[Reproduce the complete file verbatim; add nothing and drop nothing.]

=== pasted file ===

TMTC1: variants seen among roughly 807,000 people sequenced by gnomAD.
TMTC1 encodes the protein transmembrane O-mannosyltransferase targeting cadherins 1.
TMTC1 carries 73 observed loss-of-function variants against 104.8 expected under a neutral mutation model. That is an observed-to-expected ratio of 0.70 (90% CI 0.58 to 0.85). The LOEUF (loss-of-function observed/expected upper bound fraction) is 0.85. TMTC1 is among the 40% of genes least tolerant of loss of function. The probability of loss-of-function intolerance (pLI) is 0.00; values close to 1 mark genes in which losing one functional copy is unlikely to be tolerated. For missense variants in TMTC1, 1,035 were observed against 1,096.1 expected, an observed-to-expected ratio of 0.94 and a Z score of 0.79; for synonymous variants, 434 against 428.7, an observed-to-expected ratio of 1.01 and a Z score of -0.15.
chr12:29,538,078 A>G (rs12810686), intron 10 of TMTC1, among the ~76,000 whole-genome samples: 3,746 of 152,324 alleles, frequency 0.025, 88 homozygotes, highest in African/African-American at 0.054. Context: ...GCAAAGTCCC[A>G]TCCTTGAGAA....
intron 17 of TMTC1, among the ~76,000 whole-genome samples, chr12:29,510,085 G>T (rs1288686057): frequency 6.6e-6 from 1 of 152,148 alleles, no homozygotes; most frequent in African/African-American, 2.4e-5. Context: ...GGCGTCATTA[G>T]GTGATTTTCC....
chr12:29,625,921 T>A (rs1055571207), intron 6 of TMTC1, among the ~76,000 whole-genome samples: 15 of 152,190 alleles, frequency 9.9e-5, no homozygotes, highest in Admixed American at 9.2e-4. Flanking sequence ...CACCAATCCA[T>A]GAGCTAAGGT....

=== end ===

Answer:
TMTC1: variants seen among roughly 807,000 people sequenced by gnomAD.
TMTC1 encodes the protein transmembrane O-mannosyltransferase targeting cadherins 1.
TMTC1 carries 73 observed loss-of-function variants against 104.8 expected under a neutral mutation model. That is an observed-to-expected ratio of 0.70 (90% CI 0.58 to 0.85). The LOEUF (loss-of-function observed/expected upper bound fraction) is 0.85. TMTC1 is among the 40% of genes least tolerant of loss of function. The probability of loss-of-function intolerance (pLI) is 0.00; values close to 1 mark genes in which losing one functional copy is unlikely to be tolerated. For missense variants in TMTC1, 1,035 were observed against 1,096.1 expected, an observed-to-expected ratio of 0.94 and a Z score of 0.79; for synonymous variants, 434 against 428.7, an observed-to-expected ratio of 1.01 and a Z score of -0.15.
chr12:29,538,078 A>G (rs12810686), intron 10 of TMTC1, among the ~76,000 whole-genome samples: 3,746 of 152,324 alleles, frequency 0.025, 88 homozygotes, highest in African/African-American at 0.054. Context: ...GCAAAGTCCC[A>G]TCCTTGAGAA....
intron 17 of TMTC1, among the ~76,000 whole-genome samples, chr12:29,510,085 G>T (rs1288686057): frequency 6.6e-6 from 1 of 152,148 alleles, no homozygotes; most frequent in African/African-American, 2.4e-5. Context: ...GGCGTCATTA[G>T]GTGATTTTCC....
chr12:29,625,921 T>A (rs1055571207), intron 6 of TMTC1, among the ~76,000 whole-genome samples: 15 of 152,190 alleles, frequency 9.9e-5, no homozygotes, highest in Admixed American at 9.2e-4. Flanking sequence ...CACCAATCCA[T>A]GAGCTAAGGT....